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The genetic consequences of habitat fragmentation: the case of forests

Andrea Piotti   

iForest - Biogeosciences and Forestry, Volume 2, Issue 3, Pages 75-76 (2009)
doi: https://doi.org/10.3832/ifor0496-002
Published: Jun 10, 2009 - Copyright © 2009 SISEF

Commentaries & Perspectives


Habitat fragmentation is one of the most serious threats to plant biodiversity at the within-population level. Growing attention on the genetic effects of habitat fragmentation is reflected in the 2008 publication of several review papers. In general, fragmentation showed a negative effect on the genetic variability of plant populations. However, for forest trees the genetic signal of fragmentation seems less clear. Here I discuss the development of less explored issues that can help to clarify some unresolved questions about tree responses to fragmentation. In particular, the understudied effect of delay in sexual maturity and the need for accurate estimates of gene flow are taken into account. I finally underline the potential role of the Italian peninsula as an open-sky laboratory for forest fragmentation studies.

  Keywords


Conservation genetics, Range limits, Genetic diversity, Gene flow

Authors’ address

(1)
Andrea Piotti
Department of Environmental Sciences, University of Parma, v.le Usberti 11/A, I-43100 Parma (Italy)

Corresponding author

 
Andrea Piotti
andre@dsa.unipr.it

Citation

Piotti A (2009). The genetic consequences of habitat fragmentation: the case of forests. iForest 2: 75-76. - doi: 10.3832/ifor0496-002

Academic Editor

Gabriele Bucci

Paper history

Received: Jan 12, 2009
Accepted: Mar 31, 2009

First online: Jun 10, 2009
Publication Date: Jun 10, 2009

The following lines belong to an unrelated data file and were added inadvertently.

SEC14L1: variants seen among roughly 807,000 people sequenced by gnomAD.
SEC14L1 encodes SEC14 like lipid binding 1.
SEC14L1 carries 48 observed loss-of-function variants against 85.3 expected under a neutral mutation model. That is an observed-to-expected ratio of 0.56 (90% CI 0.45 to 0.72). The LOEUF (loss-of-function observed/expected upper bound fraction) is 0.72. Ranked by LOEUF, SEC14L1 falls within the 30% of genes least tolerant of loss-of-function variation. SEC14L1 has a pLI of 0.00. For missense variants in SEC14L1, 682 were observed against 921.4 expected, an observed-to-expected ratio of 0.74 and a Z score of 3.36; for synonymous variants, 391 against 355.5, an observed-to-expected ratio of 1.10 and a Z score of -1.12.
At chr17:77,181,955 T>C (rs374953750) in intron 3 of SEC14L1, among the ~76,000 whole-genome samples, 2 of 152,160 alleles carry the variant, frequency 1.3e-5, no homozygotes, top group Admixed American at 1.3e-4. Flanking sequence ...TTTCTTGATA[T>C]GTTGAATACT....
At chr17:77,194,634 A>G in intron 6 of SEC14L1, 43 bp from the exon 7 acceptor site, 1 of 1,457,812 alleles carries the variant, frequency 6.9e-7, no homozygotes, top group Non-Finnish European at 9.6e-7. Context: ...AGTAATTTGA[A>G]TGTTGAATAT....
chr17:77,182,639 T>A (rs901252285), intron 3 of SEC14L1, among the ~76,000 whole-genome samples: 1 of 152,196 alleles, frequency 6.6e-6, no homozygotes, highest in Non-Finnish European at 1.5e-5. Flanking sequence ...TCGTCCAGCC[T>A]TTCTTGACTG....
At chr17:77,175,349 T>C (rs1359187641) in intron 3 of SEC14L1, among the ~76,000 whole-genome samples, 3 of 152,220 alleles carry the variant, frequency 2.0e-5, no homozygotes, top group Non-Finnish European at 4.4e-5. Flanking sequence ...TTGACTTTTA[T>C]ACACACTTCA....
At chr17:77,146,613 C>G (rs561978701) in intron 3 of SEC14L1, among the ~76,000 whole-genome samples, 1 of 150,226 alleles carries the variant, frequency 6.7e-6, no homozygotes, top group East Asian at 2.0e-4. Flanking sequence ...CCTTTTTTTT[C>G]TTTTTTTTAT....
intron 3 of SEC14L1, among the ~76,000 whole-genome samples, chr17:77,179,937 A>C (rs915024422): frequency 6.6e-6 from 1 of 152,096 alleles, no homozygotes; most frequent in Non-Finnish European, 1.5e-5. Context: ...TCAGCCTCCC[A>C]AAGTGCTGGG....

Publication Time: 2.37 months

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Articles citing this article

List of the papers citing this article based on CrossRef Cited-by.

 
(1)
Aguilar R, Quesada M, Ashworth L, Herrerias-Diego Y, Lobo J (2008)
Genetic consequences of habitat fragmentation in plant populations: susceptible signals in plant traits and methodological approaches. Molecular Ecology 17: 5177-5188.
CrossRef | Gscholar
(2)
Austerlitz F, Mariette S, Machon N, Gouyon PH, Godelle B (2000)
Effects of colonization processes on genetic diversity: differences between annual plants and tree species. Genetics 154: 1309-1321.
Online | Gscholar
(3)
Brindle JR, Vines TH (2006)
Limit to evolution at range margins: when and why does adaptation fail? Trends in Ecology and Evolution 22: 140-147.
CrossRef | Gscholar
(4)
Eckert CG, Samis KE, Lougheed SC (2008)
Genetic variation across species’ geographical ranges: the central-marginal hypothesis and beyond. Molecular Ecology 17: 1170-1188.
CrossRef | Gscholar
(5)
Kramer AT, Ison JL, Ashley MV, Howe HF (2008)
The paradox of forest fragmentation genetics. Conservation Biology 22:878-885.
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(6)
Nathan R (2008)
An emerging movement ecology paradigm. Proceedings of the National Society of Science 105:19050-19051.
CrossRef | Gscholar
(7)
Ohsawa T, Ide Y (2008)
Global patterns of genetic variation in plant species along vertical and horizontal gradients on mountains. Global Ecology and Biogeography 17:152-163.
CrossRef | Gscholar
(8)
Young A, Boyle T, Brown T (1996)
The population genetic consequences of habitat fragmentation for plants. Trends in Ecology and Evolution 11:413-418.
CrossRef | Gscholar
 

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